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Global and regional impacts differ between transient and equilibrium warmer worlds


There has recently been interest in understanding the differences between specific levels of global warming, especially the Paris Agreement limits of 1.5 °C and 2 °C above pre-industrial levels. However, different model experiments1,2,3 have been used in these analyses under varying rates of increase in global-average temperature. Here, we use climate model simulations to show that, for a given global temperature, most land is significantly warmer in a rapidly warming (transient) case than in a quasi-equilibrium climate. This results in more than 90% of the world’s population experiencing a warmer local climate under transient global warming than equilibrium global warming. Relative to differences between the 1.5 °C and 2 °C global warming limits, the differences between transient and quasi-equilibrium states are substantial. For many land regions, the probability of very warm seasons is at least two times greater in a transient climate than in a quasi-equilibrium equivalent. In developing regions, there are sizable differences between transient and quasi-equilibrium climates that underline the importance of explicitly framing projections. Our study highlights the need to better understand differences between future climates under rapid warming and quasi-equilibrium conditions for the development of climate change adaptation policies. Yet, current multi-model experiments1,4 are not designed for this purpose.

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Fig. 1: The technique that we used to compare transient and quasi-equilibrium climates.
Fig. 2: Transient climates are warmer over land regions, which results in human populations experiencing more local warming.
Fig. 3: The difference between transient and quasi-equilibrium climates is substantial compared with the difference between the Paris Agreement warming limits.
Fig. 4: Greater probability of very warm seasons over land and especially less developed regions under transient warming relative to quasi-equilibrium warming.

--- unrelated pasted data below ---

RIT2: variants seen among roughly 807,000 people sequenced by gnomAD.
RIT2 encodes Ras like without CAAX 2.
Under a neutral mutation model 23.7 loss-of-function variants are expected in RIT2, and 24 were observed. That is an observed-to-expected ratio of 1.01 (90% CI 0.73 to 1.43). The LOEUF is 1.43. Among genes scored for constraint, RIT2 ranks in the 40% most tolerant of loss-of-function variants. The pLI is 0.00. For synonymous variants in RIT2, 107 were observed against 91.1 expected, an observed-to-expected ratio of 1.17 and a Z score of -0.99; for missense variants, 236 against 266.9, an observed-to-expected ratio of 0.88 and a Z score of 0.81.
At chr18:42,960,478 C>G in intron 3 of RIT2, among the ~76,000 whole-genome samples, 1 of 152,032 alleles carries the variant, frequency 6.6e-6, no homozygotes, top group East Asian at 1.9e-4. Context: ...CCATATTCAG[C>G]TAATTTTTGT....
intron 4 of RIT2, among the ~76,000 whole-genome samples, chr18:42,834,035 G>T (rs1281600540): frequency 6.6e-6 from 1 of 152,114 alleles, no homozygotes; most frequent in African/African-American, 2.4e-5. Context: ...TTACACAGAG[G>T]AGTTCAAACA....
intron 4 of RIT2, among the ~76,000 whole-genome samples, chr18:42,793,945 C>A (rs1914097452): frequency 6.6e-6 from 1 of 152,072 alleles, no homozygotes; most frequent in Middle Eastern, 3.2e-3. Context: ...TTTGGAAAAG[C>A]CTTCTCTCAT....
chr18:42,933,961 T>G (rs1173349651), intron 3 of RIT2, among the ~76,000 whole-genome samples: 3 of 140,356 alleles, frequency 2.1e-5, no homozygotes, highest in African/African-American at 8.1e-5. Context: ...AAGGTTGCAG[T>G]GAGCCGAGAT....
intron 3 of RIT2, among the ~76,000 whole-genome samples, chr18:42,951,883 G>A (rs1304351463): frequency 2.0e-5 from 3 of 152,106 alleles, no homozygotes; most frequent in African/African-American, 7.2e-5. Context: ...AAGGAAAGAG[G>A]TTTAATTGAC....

Data availability

All model data used in this study are available in several public repositories, for example at The model data used here were stored on the Australian node of the Earth System Grid (the National Computational Infrastructure). Population and GDP data were downloaded from the Global Carbon Project ( The figures used in this analysis are available at ( Raw figure data are provided at Assistance using the figures is available from the corresponding authors.

Code availability

The IDL code used in this analysis is available at ( Assistance using the code is available from the corresponding authors.


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We thank R. Knutti for discussions. We acknowledge the support of staff at the NCI facility in Australia and staff at the World Climate Research Programme’s Working Group on Coupled Modelling, which is responsible for CMIP, and we thank the climate modelling groups for producing and making available their model output. For CMIP, the US Department of Energy’s Program for Climate Model Diagnosis and Intercomparison provides coordinating support and led the development of software infrastructure in partnership with the Global Organization for Earth System Science Portals. A.D.K. is funded through an Australian Research Council Discovery Early Career Researcher Award (DE180100638); T.P.L. through the Australian Research Council Centre of Excellence for Climate Extremes (CE170100023); and B.J.H. through an Australian Research Council Linkage project (LP150100062).

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A.D.K. conceived the study, developed the methodology and performed the analysis. All of the authors discussed the results and contributed to the preparation of the manuscript.

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Correspondence to Andrew D. King.

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Peer review information Nature Climate Change thanks Daithi Stone and the other, anonymous, reviewer(s) for their contribution to the peer review of this work.

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Supplementary Information

Supplementary text, Figs. 1–13, Tables 1 and 2, and references.

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King, A.D., Lane, T.P., Henley, B.J. et al. Global and regional impacts differ between transient and equilibrium warmer worlds. Nat. Clim. Chang. 10, 42–47 (2020).

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